Wednesday, June 25, 2014

Grande Lum: Director of the Community Relations Service at the U.S. DoJ, Lectures in the “Negotiation Workshop”

Bob and Grande Lum

by Heather Kulp

Thousands of people filled Oakland’s downtown square. Protesting the shooting of Oscar Grant III, an unarmed young black man, by a Bay Area Rapid Transit police officer, the group was becoming increasingly agitated. One of the Department of Justice’s Community Relations Service (CRS) conciliators was on the scene, getting a feel for the crowd and determining how best to reduce the hostility.

Then a bus—with people inside—passing through the area began to rock.

It is tense moments like these in which CRS conciliators find themselves. The conciliators must choose how to react in the moment to prevent civil unrest from spiraling into violence. Grande Lum ’91, a Harvard Law School and “Negotiation Workshop” alumnus appointed as Director of CRS by President Obama ’91 in 2012, helps these conciliators make such decisions. He also has the opportunity to set the vision for CRS’ ongoing work in containing community conflicts and creating sustainable conflict management systems. Yet, the job responsibility he enjoys most is sharing the good work of CRS with others. On April 16, Lum did just that during a brown bag lunch talk, then as the guest speaker in the “Negotiation Workshop.”

“As a law student,” reflects student Deanna Parish ’16, “It is reassuring to know that not only is there is a place for the theories of the ‘Negotiation Workshop’ in the practice of the legal profession, but that these teachings can be at the center of resolving some of society’s most complex and entrenched conflicts.”

The Community Relations Service was established by the Civil Rights Act of 1964 to help prevent and resolve community conflicts related to racial and ethnic tension. With the Matthew Shepard and James Byrd, Jr. Hate Crimes Prevention Act of 2009, CRS’ mandate expanded considerably to include prevention of and response to hate crimes committed on the basis of gender, gender identity, sexual orientation, color, religion, disability, and national origin, along with race and ethnicity. To accomplish its mandate, CRS has a small staff of 60 employees, 35 of whom are conciliators, spread across 15 offices. CRS conciliators are sent into situations of current or recent unrest triggered by one of the categories mentioned in the relevant laws. For instance, CRS’ first responsibility was to negotiate a non-violent truce between Martin Luther King and Alabama law enforcement. Conciliators met with Sikh and other community leaders mere hours after the 2012 gudwara shooting in Oak Creek, Wisconsin. CRS conciliators also facilitated negotiations between Florida Governor Rick Scott and protestors of Florida’s Stand Your Ground law who staged a sit-in at Scott’s office. Using negotiation and mediation skills, they work with the community to contain, resolve, and prevent violence.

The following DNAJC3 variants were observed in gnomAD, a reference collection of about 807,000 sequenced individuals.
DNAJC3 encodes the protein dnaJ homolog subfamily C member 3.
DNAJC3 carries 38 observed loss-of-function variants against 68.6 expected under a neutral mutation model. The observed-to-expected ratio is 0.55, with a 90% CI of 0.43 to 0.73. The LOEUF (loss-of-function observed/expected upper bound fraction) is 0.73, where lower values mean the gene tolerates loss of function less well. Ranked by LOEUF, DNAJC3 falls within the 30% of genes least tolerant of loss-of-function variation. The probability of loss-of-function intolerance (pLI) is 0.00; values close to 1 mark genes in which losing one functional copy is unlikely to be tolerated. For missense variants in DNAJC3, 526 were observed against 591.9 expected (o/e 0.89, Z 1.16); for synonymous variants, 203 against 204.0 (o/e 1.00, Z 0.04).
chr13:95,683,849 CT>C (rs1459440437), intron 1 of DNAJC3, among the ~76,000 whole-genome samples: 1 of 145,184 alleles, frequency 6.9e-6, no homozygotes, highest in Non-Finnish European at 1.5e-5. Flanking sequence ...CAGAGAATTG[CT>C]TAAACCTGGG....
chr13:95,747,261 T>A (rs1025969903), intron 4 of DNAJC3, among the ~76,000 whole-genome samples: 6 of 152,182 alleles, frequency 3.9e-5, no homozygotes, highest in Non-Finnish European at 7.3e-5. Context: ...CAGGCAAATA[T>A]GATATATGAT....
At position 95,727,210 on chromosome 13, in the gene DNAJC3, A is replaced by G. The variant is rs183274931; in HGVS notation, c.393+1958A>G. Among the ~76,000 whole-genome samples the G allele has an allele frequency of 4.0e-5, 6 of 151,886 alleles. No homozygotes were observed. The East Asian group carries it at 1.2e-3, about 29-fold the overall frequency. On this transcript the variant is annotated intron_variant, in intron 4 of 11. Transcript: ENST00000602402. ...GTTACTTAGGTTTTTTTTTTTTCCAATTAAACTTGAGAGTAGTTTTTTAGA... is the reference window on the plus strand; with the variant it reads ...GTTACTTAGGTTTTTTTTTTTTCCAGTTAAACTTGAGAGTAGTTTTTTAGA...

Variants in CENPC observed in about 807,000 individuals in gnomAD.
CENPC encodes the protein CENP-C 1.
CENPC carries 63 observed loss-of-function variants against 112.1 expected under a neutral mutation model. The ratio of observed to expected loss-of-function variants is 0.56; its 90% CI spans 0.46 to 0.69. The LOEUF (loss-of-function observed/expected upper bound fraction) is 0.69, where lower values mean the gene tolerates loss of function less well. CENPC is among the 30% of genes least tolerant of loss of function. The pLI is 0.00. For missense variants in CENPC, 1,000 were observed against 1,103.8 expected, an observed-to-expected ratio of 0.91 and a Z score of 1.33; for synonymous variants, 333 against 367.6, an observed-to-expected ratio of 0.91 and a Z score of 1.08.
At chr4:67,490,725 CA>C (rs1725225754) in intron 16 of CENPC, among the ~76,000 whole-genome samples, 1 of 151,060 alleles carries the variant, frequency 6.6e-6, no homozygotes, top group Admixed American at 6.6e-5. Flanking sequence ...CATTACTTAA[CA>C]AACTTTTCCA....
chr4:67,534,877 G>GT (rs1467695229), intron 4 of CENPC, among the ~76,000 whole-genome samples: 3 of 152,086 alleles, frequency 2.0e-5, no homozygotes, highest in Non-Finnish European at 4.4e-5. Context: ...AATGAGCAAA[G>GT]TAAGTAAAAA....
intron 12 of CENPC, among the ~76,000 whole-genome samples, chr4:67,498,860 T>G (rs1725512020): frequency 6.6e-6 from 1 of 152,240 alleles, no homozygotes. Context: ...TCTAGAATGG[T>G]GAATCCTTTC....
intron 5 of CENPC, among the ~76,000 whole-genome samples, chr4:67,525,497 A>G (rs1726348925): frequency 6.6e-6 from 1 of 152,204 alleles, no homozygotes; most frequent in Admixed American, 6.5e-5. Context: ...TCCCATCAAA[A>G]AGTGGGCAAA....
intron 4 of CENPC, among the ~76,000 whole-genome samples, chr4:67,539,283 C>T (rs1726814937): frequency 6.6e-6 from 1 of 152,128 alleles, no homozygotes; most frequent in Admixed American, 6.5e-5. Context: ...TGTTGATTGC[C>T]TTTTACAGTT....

Conciliators are not only crisis specialists; one of CRS’ other responsibilities is dispute systems design. After a conflict is contained, conciliators partner with local non-profits, neighborhood associations, police officers, and others to create “continuing sustained dialogue” around challenging issues. Lum sees this as a “fundamental tool” for all conciliators because “an actual incident releases what’s going on deeper in a community” in systems like social services, education, and the police. “If all we do is chase these situations, what are we changing over time?”

His intervention, prevention, and management work has challenged Lum to exercise his “off-hand,” a basketball term for a player’s weaker side. He used the analogy to encourage students to continue expanding their communication skills toolbox long after they leave “Negotiation Workshop.” Lum highlighted the “Negotiation Workshop” lessons he has used in practice—and not just as a mediator, conflict management consultant, or CRS Director. He related the story of his Senate confirmation process, where he reframed many of his answers in ways that met the senators’ interests. He also discussed how he uses the Difficult Conversations framework to bring up issues with his supervisors or supervisees. The most frequently employed skill he gained from “Negotiation Workshop,” though, is active listening. So few people feel heard, so whether a lawyer is in the office or in the midst of protesters, actively listening can change relational dynamics for the better.

“It was an absolute treat to welcome Director Lum back to Harvard Law School 20 years after he took the ‘Negotiation Workshop,’ enthused Bob Bordone, Thaddeus R. Beal Clinical Professor and course head for the workshop. “Seeing the way the course impacted the trajectory of his career was inspiriting for both the students and for me.”

The transferability of “Negotiation Workshop” skills is good news for the students listening to Lum. After the workshop, many students express interest in entering the dispute resolution field. Yet Lum sees a trend in the legal field generally that will allow any future lawyer to advocate for more collaborative processes.

“I do see a paradigm shift,” he assured students. “You can take any job and make it more of a dispute resolution job.” There are certainly enough conflicts—in communities, in offices, in the world—that need problem-solving lawyers like Grande Lum.